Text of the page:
Emerging markets represent a substantial opportunity for high-tech manufacturing businesses. 95 percent of the world’s consumers are based outside of the United States, while a recent study from the World Bank projects that the annual GDP growth for emerging and developing economies will be more than twice the GDP growth expected for the U.S. in 2019.
In terms of high-tech manufacturing, there are many reasons to be optimistic about international expansion. High-tech is already part of a highly-globalized economic segment, and 72 percent of high-tech goods consumed in the U.S. are imported. High-tech consumption growth in the U.S. has slowed down, but there has been a dramatic upswing in demand for these goods in other parts of the globe, like Asia and Africa. As a result, increasing numbers of high-tech manufacturing companies are moving their manufacturing operations to emerging markets.
As Vignesh Anandan, Marketing Manager for the High Tech segment at UPS, explains, “Offshoring production to Asia has been happening over the past 15-20 years, and this high-quality, low-cost manufacturing is the reason why so many can afford to produce so many of these devices.” However, international business expansion isn’t always smooth sailing. Customs clearance, post-sales service, and supply chain risk management can all prove challenging when testing the waters of international expansion.
Since high-tech products tend to be high-value, the customs and documentation process is generally more stringent than it is for lower-value goods. Inaccurate or incomplete customs paperwork can cause delays within your supply chain, which may prove to be costly. Tracking changes in customs regulations requires expertise and vigilance. Failures of compliance can lead to hold-ups, sanctions and penalties, all of which can be serious roadblocks for your business expansion goals.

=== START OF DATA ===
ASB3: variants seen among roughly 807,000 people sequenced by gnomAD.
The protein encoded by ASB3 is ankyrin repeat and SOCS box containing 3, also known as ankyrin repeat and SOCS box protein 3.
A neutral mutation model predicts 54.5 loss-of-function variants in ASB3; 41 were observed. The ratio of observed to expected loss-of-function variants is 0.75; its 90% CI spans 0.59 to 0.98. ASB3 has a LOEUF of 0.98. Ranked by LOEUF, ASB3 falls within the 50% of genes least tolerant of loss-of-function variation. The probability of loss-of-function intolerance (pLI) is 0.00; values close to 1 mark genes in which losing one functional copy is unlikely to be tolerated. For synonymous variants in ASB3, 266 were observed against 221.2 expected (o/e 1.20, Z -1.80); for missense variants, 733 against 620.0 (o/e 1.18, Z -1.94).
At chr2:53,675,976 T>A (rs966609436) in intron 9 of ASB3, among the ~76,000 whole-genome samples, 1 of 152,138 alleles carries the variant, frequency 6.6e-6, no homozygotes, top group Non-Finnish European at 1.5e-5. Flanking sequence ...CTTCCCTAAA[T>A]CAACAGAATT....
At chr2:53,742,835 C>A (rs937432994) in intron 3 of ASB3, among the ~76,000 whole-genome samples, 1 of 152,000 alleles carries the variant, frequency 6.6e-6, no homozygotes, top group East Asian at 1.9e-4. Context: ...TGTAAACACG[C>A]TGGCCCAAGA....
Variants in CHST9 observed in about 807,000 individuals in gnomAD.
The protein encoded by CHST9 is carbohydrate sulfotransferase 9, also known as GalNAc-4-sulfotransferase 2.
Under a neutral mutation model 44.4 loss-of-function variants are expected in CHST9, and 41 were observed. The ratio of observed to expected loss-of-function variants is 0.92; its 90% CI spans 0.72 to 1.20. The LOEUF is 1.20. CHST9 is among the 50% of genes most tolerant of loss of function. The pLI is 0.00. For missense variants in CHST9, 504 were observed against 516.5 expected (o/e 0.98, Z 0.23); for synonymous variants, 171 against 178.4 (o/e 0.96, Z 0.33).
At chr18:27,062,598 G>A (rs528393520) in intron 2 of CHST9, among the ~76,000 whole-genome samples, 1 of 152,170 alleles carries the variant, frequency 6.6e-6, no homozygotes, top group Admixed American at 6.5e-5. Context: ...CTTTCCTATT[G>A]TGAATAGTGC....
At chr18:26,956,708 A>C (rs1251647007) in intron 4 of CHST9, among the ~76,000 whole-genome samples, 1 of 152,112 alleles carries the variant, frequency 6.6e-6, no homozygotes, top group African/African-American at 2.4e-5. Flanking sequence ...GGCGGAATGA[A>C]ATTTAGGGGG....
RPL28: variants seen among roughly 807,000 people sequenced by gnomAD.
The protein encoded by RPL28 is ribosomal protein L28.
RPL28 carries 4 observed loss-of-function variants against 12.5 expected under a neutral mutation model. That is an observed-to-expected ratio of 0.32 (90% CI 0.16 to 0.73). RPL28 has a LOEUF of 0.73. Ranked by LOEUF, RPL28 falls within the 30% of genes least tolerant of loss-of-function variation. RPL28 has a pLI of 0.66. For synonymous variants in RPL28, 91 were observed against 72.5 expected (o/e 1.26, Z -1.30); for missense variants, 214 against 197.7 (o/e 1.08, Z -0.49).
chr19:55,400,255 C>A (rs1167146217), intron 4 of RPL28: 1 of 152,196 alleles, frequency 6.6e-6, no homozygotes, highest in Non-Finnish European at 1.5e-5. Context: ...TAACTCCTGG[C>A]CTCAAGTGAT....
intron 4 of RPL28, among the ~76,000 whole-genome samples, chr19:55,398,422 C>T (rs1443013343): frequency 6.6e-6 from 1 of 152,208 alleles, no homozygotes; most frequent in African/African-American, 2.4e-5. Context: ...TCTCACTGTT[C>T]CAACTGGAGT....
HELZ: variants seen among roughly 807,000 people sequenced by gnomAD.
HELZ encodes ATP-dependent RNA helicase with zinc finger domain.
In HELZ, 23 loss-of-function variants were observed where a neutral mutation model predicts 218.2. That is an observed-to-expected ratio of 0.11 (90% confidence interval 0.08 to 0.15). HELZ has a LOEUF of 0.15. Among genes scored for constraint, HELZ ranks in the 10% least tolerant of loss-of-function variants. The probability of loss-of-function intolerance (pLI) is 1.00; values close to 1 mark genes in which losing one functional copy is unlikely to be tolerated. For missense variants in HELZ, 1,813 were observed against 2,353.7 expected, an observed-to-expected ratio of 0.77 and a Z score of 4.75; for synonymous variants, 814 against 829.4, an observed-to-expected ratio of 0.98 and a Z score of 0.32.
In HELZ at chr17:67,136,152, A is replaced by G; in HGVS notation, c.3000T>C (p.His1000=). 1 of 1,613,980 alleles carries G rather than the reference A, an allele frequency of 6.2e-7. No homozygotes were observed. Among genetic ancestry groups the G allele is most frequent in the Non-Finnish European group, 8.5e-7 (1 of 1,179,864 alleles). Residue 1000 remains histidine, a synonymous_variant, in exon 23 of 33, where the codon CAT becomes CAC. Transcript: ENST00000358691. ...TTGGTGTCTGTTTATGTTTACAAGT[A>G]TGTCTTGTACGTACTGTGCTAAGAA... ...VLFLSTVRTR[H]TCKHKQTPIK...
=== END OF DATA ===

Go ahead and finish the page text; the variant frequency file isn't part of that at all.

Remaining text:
“The high-value and fragility of high-tech products and components which are sourced from multiple geographies makes high-tech manufacturing supply chains especially challenging,” says Anandan. As many as 43 percent of executives claim that the stringent regulatory environment is their biggest barrier to international expansion, while 37 percent say that country-specific trade requirements more generally are a barrier to cross-border e-commerce. So, what can be done?
Partnering with a third-party logistics provider can help global manufacturing companies navigate international trade requirements. A logistics provider that also handles customs brokerage, like UPS, can make exporting simpler and faster, enabling businesses to get their products to market more reliably. “Rather than having 50 different brokers in 50 different countries, UPS offers brokerage services across all countries,” says Anandan.
In the early stages of international expansion, global manufacturing companies may find it difficult to respond speedily to the after-sales service needs of customers. But it’s important to remember that responsive customer service is a competitive differentiator, with an AMR Research report finding that after-sales service accounts for up to 45 percent of a company’s profits.